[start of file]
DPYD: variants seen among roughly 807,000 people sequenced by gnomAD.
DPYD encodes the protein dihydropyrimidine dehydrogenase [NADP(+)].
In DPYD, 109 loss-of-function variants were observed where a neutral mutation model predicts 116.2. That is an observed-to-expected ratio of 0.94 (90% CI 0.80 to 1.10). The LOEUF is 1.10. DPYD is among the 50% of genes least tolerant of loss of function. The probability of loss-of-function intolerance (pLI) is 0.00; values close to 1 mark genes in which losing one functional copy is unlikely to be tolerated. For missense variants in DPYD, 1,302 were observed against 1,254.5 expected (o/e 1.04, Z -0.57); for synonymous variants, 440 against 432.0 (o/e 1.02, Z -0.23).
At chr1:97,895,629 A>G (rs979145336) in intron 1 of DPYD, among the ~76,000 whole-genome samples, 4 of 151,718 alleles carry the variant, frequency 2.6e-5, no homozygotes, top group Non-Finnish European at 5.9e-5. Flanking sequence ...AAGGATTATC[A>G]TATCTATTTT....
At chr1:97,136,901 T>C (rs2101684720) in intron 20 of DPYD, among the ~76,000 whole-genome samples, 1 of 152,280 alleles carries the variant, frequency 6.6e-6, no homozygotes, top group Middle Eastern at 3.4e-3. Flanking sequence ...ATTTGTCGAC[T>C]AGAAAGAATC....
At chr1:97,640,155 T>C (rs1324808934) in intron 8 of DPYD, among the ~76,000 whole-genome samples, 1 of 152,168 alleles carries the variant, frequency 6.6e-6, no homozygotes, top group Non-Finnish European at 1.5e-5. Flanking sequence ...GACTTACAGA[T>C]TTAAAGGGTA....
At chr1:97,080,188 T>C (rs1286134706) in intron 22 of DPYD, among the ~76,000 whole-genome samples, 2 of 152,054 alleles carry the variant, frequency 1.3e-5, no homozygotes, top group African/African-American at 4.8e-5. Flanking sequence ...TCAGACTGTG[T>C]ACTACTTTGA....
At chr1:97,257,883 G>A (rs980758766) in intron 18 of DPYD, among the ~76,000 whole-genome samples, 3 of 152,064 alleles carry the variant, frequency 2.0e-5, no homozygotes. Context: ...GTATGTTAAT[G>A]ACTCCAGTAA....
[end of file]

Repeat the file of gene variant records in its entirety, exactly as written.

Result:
DPYD: variants seen among roughly 807,000 people sequenced by gnomAD.
DPYD encodes the protein dihydropyrimidine dehydrogenase [NADP(+)].
In DPYD, 109 loss-of-function variants were observed where a neutral mutation model predicts 116.2. That is an observed-to-expected ratio of 0.94 (90% CI 0.80 to 1.10). The LOEUF is 1.10. DPYD is among the 50% of genes least tolerant of loss of function. The probability of loss-of-function intolerance (pLI) is 0.00; values close to 1 mark genes in which losing one functional copy is unlikely to be tolerated. For missense variants in DPYD, 1,302 were observed against 1,254.5 expected (o/e 1.04, Z -0.57); for synonymous variants, 440 against 432.0 (o/e 1.02, Z -0.23).
At chr1:97,895,629 A>G (rs979145336) in intron 1 of DPYD, among the ~76,000 whole-genome samples, 4 of 151,718 alleles carry the variant, frequency 2.6e-5, no homozygotes, top group Non-Finnish European at 5.9e-5. Flanking sequence ...AAGGATTATC[A>G]TATCTATTTT....
At chr1:97,136,901 T>C (rs2101684720) in intron 20 of DPYD, among the ~76,000 whole-genome samples, 1 of 152,280 alleles carries the variant, frequency 6.6e-6, no homozygotes, top group Middle Eastern at 3.4e-3. Flanking sequence ...ATTTGTCGAC[T>C]AGAAAGAATC....
At chr1:97,640,155 T>C (rs1324808934) in intron 8 of DPYD, among the ~76,000 whole-genome samples, 1 of 152,168 alleles carries the variant, frequency 6.6e-6, no homozygotes, top group Non-Finnish European at 1.5e-5. Flanking sequence ...GACTTACAGA[T>C]TTAAAGGGTA....
At chr1:97,080,188 T>C (rs1286134706) in intron 22 of DPYD, among the ~76,000 whole-genome samples, 2 of 152,054 alleles carry the variant, frequency 1.3e-5, no homozygotes, top group African/African-American at 4.8e-5. Flanking sequence ...TCAGACTGTG[T>C]ACTACTTTGA....
At chr1:97,257,883 G>A (rs980758766) in intron 18 of DPYD, among the ~76,000 whole-genome samples, 3 of 152,064 alleles carry the variant, frequency 2.0e-5, no homozygotes. Context: ...GTATGTTAAT[G>A]ACTCCAGTAA....